Since its adoption on September 6, 2015, the federal Clean Power Plan (“CPP”), the United States’ first comprehensive rule for lowering greenhouse gas emissions, has been a topic of simultaneous praise and criticism.  With respect to the impact of the CPP on future electricity costs, there are also significant differences of opinion.  Although the Environmental Protection Agency (“EPA”) acknowledges CPP compliance costs of $8.4 billion per year, the EPA contends that the CPP will encourage energy efficiency programs and switching to lower cost fuels that could eventually result in lower electricity costs for consumers.  By contrast, non-governmental organizations such as the National Economic Research Associates (“NERA”) estimate compliance costs at approximately $33.5 billion per year and predict an electricity cost increase of between 12 and 17%.  In light of such varying predictions related to the impact of the CPP on electricity costs, large consumers of electricity should, at a minimum, pay close attention to individual state implementation plan proposals to assess how these specific proposals may affect their electricity costs.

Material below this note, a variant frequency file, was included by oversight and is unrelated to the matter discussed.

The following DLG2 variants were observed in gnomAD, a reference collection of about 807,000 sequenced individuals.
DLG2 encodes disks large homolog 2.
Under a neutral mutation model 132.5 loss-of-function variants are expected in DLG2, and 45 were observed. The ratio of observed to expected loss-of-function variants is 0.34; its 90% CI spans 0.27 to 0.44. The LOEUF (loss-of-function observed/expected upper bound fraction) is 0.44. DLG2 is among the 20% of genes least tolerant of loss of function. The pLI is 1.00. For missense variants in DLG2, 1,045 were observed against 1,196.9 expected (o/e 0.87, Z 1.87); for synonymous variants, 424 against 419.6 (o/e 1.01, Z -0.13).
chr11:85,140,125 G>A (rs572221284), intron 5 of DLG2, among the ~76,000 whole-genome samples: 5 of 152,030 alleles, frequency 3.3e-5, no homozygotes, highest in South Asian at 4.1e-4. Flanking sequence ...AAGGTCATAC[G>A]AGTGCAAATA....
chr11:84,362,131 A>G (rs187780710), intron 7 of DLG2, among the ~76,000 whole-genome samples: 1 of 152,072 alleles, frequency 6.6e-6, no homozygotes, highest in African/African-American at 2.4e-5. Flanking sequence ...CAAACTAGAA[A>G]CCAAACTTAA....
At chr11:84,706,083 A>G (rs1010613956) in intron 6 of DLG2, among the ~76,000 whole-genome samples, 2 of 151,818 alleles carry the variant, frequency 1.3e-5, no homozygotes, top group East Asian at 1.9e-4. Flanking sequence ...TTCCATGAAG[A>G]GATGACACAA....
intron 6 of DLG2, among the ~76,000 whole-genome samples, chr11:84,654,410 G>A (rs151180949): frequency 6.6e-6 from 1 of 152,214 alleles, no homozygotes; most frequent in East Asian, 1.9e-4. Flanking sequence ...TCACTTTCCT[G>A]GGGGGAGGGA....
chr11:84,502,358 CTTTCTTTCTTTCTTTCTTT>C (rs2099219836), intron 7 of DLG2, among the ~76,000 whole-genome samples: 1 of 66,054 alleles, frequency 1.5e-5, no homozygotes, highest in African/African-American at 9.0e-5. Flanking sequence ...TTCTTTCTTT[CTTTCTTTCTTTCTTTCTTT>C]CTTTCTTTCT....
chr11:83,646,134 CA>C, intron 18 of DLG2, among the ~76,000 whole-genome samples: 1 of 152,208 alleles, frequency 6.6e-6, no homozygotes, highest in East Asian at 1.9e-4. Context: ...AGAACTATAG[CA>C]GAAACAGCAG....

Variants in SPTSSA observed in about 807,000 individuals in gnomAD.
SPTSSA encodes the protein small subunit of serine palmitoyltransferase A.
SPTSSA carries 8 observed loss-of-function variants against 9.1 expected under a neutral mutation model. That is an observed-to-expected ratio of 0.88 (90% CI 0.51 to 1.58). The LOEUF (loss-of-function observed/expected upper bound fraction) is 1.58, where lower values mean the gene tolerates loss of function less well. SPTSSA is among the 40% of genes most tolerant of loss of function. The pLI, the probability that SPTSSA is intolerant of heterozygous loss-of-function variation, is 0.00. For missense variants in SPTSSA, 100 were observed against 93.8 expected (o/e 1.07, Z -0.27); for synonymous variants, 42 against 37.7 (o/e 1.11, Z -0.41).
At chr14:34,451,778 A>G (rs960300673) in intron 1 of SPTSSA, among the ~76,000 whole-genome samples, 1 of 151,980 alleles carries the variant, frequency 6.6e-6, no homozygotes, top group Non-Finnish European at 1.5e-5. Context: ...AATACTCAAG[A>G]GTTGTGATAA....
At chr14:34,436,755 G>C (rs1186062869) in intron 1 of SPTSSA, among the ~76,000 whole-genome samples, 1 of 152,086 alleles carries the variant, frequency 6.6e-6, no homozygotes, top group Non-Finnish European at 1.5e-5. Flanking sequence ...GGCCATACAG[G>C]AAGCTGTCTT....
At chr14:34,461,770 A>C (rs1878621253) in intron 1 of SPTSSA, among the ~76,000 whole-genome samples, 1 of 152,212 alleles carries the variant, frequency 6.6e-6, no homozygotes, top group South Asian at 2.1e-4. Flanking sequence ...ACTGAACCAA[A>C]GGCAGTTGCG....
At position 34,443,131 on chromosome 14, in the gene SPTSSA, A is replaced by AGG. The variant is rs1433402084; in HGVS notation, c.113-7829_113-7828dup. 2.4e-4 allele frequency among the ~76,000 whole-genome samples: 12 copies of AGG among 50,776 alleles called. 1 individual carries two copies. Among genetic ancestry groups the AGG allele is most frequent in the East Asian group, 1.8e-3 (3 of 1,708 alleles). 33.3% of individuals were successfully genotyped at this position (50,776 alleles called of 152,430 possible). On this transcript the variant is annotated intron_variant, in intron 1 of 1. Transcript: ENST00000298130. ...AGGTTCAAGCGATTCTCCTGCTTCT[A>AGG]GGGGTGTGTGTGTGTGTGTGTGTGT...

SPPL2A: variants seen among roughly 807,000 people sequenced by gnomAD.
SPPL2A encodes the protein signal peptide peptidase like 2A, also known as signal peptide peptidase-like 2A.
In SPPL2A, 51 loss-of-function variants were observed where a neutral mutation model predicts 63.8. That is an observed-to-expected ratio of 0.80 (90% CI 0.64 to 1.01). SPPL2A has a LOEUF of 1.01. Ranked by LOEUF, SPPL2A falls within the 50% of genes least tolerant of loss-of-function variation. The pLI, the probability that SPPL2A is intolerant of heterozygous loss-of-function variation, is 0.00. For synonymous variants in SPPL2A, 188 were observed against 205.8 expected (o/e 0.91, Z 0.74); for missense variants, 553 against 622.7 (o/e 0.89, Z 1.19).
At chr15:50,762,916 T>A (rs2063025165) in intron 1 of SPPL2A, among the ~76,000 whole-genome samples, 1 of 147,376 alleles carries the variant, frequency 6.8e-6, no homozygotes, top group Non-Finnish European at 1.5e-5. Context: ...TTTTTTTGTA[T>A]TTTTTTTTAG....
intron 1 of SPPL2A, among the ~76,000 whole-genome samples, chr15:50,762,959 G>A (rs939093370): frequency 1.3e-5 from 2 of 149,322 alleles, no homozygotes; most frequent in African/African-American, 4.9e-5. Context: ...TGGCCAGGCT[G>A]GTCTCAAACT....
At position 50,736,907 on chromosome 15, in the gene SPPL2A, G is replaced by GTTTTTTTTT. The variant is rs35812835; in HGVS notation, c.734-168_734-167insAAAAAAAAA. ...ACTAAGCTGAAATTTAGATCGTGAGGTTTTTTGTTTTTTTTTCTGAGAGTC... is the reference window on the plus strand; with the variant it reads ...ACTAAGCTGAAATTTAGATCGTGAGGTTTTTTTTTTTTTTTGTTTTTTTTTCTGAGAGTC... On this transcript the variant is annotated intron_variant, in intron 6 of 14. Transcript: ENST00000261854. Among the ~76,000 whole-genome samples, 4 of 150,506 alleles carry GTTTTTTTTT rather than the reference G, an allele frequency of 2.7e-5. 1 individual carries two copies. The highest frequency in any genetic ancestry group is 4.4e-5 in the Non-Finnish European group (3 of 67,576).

In addition to the questions associated with the CPP’s impact on future electricity costs, the future of the CPP is also subject to significant uncertainty.  On February 9, 2016, the United States Supreme Court issued a stay of the CPP preventing the EPA from enforcing the CPP until legal challenges are resolved by the federal courts.  As a result, the Supreme Court will not review the CPP until late 2017 or 2018.